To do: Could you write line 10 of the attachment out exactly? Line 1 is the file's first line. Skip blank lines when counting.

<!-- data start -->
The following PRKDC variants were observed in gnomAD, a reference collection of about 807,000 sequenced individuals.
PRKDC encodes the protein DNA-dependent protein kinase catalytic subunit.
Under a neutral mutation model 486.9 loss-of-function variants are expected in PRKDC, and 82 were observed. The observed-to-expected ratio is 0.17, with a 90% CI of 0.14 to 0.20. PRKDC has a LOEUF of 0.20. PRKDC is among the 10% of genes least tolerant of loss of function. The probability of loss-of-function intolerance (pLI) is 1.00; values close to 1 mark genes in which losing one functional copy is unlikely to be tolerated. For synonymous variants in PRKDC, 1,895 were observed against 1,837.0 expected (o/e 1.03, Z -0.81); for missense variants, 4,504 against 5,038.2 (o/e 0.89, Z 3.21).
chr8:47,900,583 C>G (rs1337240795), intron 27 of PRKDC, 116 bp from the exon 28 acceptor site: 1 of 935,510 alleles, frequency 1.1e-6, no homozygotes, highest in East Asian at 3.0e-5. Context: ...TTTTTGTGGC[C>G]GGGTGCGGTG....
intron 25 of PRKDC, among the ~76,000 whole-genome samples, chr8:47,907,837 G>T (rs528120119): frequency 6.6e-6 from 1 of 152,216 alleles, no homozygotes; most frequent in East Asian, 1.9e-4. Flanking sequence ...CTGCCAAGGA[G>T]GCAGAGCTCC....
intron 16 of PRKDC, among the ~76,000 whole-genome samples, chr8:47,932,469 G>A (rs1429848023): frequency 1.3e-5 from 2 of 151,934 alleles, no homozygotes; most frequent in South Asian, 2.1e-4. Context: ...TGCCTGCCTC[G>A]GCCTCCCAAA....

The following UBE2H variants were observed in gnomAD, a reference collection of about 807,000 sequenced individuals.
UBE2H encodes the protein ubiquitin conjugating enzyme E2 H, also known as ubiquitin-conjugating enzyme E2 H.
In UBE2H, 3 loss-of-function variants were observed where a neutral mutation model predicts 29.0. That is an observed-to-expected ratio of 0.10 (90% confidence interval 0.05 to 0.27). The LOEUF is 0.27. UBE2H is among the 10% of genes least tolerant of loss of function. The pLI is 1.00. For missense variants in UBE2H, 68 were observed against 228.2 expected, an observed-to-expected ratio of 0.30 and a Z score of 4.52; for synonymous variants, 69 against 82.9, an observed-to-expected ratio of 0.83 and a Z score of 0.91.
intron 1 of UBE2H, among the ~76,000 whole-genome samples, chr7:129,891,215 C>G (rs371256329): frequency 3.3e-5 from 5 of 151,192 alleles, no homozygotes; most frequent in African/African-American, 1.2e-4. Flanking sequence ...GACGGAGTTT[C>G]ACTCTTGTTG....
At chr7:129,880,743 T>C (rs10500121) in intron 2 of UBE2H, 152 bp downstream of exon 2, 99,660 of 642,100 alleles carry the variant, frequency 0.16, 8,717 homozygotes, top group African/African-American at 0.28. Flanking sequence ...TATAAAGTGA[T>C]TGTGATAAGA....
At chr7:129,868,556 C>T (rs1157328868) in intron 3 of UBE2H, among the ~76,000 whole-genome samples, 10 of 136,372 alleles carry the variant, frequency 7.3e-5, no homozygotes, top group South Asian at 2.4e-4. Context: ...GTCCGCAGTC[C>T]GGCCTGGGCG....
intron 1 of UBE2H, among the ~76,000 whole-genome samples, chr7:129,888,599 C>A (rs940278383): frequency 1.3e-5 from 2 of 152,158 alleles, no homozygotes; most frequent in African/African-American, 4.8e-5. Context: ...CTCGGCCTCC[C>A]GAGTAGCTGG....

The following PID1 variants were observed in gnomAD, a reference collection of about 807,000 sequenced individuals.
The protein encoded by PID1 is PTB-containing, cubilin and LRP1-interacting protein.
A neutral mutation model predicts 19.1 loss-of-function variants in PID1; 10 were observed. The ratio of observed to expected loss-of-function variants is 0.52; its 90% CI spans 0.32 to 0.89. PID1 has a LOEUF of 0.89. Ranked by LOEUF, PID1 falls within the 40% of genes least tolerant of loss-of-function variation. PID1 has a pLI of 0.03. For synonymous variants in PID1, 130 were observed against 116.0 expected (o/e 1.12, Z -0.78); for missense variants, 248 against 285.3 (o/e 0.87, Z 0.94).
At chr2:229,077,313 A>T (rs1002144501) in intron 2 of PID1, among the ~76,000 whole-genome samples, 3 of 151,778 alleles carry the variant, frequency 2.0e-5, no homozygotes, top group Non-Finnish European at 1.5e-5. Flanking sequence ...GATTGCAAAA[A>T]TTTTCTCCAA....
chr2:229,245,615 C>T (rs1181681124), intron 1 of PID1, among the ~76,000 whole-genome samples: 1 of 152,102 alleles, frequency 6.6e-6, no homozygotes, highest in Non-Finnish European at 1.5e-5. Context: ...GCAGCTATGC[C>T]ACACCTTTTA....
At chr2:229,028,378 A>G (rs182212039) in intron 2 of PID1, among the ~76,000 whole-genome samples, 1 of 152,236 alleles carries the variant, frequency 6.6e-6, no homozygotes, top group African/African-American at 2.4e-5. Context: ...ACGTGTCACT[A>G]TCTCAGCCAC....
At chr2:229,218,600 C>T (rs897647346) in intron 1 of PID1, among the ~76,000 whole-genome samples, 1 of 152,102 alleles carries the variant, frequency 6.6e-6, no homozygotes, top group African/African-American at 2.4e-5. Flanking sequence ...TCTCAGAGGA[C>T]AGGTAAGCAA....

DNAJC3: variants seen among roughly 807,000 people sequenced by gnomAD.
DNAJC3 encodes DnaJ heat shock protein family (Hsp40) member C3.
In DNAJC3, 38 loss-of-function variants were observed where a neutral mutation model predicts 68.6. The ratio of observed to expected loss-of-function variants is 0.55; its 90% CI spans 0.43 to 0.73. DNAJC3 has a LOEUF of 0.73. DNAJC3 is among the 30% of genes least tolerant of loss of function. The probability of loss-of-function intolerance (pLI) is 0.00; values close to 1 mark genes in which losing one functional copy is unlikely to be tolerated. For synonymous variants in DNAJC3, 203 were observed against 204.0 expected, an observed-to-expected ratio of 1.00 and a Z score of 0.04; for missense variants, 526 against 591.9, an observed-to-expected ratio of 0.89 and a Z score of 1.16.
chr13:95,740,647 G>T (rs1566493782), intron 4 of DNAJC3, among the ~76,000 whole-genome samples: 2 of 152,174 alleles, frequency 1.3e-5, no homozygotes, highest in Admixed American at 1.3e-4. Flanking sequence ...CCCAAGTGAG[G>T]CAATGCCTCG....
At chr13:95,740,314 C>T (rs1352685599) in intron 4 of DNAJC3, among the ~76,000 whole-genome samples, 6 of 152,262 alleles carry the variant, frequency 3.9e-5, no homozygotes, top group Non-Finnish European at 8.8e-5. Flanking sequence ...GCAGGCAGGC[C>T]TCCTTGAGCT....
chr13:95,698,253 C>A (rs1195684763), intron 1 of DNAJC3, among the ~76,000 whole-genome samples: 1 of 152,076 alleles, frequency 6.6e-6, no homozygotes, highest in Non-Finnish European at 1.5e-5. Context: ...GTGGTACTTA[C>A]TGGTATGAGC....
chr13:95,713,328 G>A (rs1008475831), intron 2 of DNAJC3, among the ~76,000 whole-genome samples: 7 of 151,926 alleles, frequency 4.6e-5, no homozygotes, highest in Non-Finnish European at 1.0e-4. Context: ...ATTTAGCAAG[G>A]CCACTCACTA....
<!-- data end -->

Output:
intron 1 of UBE2H, among the ~76,000 whole-genome samples, chr7:129,891,215 C>G (rs371256329): frequency 3.3e-5 from 5 of 151,192 alleles, no homozygotes; most frequent in African/African-American, 1.2e-4. Flanking sequence ...GACGGAGTTT[C>G]ACTCTTGTTG....